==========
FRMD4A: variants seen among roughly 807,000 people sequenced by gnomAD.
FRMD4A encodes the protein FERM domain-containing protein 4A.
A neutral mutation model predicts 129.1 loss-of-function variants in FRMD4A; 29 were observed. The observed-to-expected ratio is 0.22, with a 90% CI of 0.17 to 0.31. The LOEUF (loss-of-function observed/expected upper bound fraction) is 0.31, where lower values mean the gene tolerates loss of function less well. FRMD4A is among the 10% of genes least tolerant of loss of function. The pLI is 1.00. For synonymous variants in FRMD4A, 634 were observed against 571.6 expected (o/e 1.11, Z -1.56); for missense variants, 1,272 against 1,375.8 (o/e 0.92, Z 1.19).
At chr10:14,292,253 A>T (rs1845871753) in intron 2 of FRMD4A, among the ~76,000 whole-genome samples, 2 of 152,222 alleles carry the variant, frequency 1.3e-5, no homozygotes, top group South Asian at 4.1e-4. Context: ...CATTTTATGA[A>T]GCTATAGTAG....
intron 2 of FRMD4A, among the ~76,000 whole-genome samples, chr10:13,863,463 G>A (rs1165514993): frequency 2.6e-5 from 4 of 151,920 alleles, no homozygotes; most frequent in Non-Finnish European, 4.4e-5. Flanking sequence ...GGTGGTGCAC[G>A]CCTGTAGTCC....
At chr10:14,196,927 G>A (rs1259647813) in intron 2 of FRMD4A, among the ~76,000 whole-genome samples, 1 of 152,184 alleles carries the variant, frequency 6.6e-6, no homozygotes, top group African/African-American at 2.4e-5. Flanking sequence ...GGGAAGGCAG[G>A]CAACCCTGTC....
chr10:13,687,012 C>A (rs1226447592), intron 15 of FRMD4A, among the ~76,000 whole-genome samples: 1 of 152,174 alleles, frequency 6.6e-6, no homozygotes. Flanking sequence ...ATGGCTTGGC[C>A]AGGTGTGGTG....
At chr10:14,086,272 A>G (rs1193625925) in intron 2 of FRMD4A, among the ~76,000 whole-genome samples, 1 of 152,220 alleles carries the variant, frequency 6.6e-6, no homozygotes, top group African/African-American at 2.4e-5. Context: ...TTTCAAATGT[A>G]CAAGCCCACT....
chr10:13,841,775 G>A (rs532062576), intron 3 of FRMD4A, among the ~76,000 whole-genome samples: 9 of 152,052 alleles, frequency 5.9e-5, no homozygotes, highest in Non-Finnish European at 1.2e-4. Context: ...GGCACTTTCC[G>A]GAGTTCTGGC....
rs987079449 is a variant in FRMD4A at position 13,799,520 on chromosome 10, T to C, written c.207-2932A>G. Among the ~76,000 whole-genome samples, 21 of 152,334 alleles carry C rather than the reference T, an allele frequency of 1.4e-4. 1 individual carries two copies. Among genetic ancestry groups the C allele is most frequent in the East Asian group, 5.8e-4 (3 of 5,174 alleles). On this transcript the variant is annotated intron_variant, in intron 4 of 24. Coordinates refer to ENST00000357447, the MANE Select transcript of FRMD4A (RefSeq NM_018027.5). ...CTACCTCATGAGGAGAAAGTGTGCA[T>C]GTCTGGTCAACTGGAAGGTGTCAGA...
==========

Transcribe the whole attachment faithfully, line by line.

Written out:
FRMD4A: variants seen among roughly 807,000 people sequenced by gnomAD.
FRMD4A encodes the protein FERM domain-containing protein 4A.
A neutral mutation model predicts 129.1 loss-of-function variants in FRMD4A; 29 were observed. The observed-to-expected ratio is 0.22, with a 90% CI of 0.17 to 0.31. The LOEUF (loss-of-function observed/expected upper bound fraction) is 0.31, where lower values mean the gene tolerates loss of function less well. FRMD4A is among the 10% of genes least tolerant of loss of function. The pLI is 1.00. For synonymous variants in FRMD4A, 634 were observed against 571.6 expected (o/e 1.11, Z -1.56); for missense variants, 1,272 against 1,375.8 (o/e 0.92, Z 1.19).
At chr10:14,292,253 A>T (rs1845871753) in intron 2 of FRMD4A, among the ~76,000 whole-genome samples, 2 of 152,222 alleles carry the variant, frequency 1.3e-5, no homozygotes, top group South Asian at 4.1e-4. Context: ...CATTTTATGA[A>T]GCTATAGTAG....
intron 2 of FRMD4A, among the ~76,000 whole-genome samples, chr10:13,863,463 G>A (rs1165514993): frequency 2.6e-5 from 4 of 151,920 alleles, no homozygotes; most frequent in Non-Finnish European, 4.4e-5. Flanking sequence ...GGTGGTGCAC[G>A]CCTGTAGTCC....
At chr10:14,196,927 G>A (rs1259647813) in intron 2 of FRMD4A, among the ~76,000 whole-genome samples, 1 of 152,184 alleles carries the variant, frequency 6.6e-6, no homozygotes, top group African/African-American at 2.4e-5. Flanking sequence ...GGGAAGGCAG[G>A]CAACCCTGTC....
chr10:13,687,012 C>A (rs1226447592), intron 15 of FRMD4A, among the ~76,000 whole-genome samples: 1 of 152,174 alleles, frequency 6.6e-6, no homozygotes. Flanking sequence ...ATGGCTTGGC[C>A]AGGTGTGGTG....
At chr10:14,086,272 A>G (rs1193625925) in intron 2 of FRMD4A, among the ~76,000 whole-genome samples, 1 of 152,220 alleles carries the variant, frequency 6.6e-6, no homozygotes, top group African/African-American at 2.4e-5. Context: ...TTTCAAATGT[A>G]CAAGCCCACT....
chr10:13,841,775 G>A (rs532062576), intron 3 of FRMD4A, among the ~76,000 whole-genome samples: 9 of 152,052 alleles, frequency 5.9e-5, no homozygotes, highest in Non-Finnish European at 1.2e-4. Context: ...GGCACTTTCC[G>A]GAGTTCTGGC....
rs987079449 is a variant in FRMD4A at position 13,799,520 on chromosome 10, T to C, written c.207-2932A>G. Among the ~76,000 whole-genome samples, 21 of 152,334 alleles carry C rather than the reference T, an allele frequency of 1.4e-4. 1 individual carries two copies. Among genetic ancestry groups the C allele is most frequent in the East Asian group, 5.8e-4 (3 of 5,174 alleles). On this transcript the variant is annotated intron_variant, in intron 4 of 24. Coordinates refer to ENST00000357447, the MANE Select transcript of FRMD4A (RefSeq NM_018027.5). ...CTACCTCATGAGGAGAAAGTGTGCA[T>C]GTCTGGTCAACTGGAAGGTGTCAGA...